Genomic instability is a common feature that can be found in most cancer types. Protection of chromosome ends is provided by nucleoprotein structures called telomeres. Telomeric DNA is composed of a highly conserved 3'single-stranded overhang. When unprotected, this overhang initiates lethal DNA damage responses that can cause end-to-end fusion, degradation, and cell cycle arrest. Besides cancer, telomere dysfunctions can lead to various human diseases and degenerative aging. The proposed studies will use standard biochemical, biophysical, and structural techniques to investigate how telomere end protection has evolved. Strong evidence suggests that Cdc13, Stn1, and Ten1 proteins form a trimeric complex that protect telomeric ends in yeast. However, a direct interaction between these three proteins has never been observed, and this has lead to contradicting views on how these proteins function. Recently, similar complexes have been found in humans that do not appear to play a role in the capping of telomeric DNA. We wish to evolutionary track the roles of Cdc13, Stn1, and Ten1 through different species, in order to better understand what functions certain complexes play in telomere end protection.
In Aim 1, we will elucidate for the first time in vitro if Cdc13, Stn1, and Ten1 interact with each other. The structure of this complex in several species will be determined to elucidate how these proteins play a role in end-protection.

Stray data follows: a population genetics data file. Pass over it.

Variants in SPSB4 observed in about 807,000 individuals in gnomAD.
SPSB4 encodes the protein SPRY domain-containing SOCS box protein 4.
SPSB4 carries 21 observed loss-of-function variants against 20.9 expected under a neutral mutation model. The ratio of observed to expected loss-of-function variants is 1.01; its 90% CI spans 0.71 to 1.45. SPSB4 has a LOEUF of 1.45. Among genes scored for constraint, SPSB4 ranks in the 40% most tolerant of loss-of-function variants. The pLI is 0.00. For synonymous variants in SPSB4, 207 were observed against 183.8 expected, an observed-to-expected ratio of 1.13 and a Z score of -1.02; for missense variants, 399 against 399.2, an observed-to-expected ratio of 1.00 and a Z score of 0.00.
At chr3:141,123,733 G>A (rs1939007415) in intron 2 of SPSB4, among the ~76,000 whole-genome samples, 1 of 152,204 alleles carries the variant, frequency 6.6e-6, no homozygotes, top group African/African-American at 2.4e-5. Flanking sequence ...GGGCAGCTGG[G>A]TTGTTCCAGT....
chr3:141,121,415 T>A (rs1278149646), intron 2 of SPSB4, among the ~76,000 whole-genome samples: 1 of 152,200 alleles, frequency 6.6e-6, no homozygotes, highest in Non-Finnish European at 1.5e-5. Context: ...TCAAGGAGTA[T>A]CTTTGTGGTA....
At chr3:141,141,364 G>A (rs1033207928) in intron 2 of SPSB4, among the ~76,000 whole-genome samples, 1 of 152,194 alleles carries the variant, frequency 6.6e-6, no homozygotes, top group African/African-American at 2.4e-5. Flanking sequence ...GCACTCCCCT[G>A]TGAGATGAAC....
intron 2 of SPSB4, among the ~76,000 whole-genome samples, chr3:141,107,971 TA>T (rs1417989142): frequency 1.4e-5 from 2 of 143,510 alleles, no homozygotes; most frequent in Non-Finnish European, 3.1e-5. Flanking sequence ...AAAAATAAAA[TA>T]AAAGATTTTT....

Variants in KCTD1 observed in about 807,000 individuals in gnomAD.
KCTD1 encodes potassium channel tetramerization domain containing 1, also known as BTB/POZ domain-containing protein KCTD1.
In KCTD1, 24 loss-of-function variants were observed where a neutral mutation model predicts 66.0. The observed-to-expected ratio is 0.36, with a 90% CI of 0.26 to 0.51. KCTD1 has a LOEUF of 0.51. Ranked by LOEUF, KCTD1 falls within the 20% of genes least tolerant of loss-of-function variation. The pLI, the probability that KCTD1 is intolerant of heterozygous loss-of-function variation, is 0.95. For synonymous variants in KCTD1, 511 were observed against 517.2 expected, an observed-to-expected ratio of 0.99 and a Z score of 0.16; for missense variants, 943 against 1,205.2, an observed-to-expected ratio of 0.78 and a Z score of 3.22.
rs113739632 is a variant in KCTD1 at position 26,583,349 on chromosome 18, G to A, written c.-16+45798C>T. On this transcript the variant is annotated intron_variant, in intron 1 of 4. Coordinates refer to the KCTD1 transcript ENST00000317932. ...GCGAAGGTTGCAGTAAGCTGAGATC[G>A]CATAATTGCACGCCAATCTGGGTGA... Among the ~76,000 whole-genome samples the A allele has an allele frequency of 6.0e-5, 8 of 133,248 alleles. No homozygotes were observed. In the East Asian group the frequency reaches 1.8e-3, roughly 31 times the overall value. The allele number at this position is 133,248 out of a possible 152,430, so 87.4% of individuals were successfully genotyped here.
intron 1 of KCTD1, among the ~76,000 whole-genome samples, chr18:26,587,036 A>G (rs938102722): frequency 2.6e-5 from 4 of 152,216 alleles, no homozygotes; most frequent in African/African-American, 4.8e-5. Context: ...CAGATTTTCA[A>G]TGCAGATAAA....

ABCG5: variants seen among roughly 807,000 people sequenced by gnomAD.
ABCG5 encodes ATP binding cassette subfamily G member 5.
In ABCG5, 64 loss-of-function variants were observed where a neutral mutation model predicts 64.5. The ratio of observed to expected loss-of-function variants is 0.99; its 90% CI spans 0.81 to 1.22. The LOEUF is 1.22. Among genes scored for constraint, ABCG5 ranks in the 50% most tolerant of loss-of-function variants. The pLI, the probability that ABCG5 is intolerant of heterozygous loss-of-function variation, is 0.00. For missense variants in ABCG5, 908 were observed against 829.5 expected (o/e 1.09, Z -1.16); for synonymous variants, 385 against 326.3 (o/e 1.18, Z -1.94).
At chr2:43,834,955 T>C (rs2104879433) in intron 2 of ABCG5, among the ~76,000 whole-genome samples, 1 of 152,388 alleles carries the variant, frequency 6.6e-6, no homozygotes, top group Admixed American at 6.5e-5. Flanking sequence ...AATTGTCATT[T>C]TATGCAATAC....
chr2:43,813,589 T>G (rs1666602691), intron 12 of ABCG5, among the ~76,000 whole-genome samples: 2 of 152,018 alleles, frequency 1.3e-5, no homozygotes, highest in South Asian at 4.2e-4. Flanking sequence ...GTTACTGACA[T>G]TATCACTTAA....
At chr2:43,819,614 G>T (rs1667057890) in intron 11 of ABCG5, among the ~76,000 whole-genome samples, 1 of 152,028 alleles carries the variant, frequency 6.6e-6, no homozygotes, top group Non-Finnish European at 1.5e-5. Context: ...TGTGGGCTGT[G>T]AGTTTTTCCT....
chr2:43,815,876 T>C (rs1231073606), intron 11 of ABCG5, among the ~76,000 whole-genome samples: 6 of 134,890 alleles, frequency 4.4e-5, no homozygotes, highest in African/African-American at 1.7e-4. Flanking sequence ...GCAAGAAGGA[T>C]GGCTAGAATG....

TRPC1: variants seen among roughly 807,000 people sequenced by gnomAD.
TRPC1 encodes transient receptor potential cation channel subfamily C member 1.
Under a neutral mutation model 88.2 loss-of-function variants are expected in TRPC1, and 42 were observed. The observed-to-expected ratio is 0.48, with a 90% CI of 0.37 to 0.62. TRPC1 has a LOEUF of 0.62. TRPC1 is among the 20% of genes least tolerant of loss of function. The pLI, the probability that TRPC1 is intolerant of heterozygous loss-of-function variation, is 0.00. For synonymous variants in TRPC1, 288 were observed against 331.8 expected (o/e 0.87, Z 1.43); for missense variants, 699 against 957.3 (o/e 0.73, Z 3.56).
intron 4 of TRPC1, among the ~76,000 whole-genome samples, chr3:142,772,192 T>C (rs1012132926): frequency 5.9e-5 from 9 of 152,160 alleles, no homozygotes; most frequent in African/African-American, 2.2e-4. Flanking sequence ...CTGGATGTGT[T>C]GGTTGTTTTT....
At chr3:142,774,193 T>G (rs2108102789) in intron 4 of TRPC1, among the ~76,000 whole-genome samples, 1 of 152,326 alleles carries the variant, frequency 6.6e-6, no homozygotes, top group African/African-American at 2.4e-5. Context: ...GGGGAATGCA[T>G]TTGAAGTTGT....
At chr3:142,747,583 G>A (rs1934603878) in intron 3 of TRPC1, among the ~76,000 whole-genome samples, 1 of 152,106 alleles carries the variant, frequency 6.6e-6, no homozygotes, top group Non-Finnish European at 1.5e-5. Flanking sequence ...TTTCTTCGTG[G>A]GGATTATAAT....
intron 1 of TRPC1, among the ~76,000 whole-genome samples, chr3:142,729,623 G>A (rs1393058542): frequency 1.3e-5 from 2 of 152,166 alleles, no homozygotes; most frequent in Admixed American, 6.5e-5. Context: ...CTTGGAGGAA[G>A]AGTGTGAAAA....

Aim 2 will track how the DNA binding protein Cdc13, and its subunits Stn1 and Ten1, has evolved in their recognition of telomeric DNA. A large sample of Cdc13 proteins will be tested for their ability to bind telomeric DNA. The collected data will provide insight on how telomeric end protection from yeast had evolved into complexes with more genomic wide functions found in humans. The biochemical and structural nature of this work will provide evidence for the first time if Cdc13, Stn1, and Ten1 interact. We will also elucidate how the recognition of telomeric DNA has changed over time from different species. This in vitro data will provide a novel connection of how end-protection has evolved.
Genomic stability is vital for the prevention of cancer. The human genome is condensed into linear chromosomes, where the ends are protected by structures known as telomeres. The maintenance and protection of chromosome ends are vital for maintaining stability. When unprotected, the initiation of DNA damage responses that lead to catastrophic events, such as end- to-end chromosomal fusion, DNA degradation, and cell cycle arrest can occur. The proper regulation of telomeres is essential for preventing undesired oncogenic states.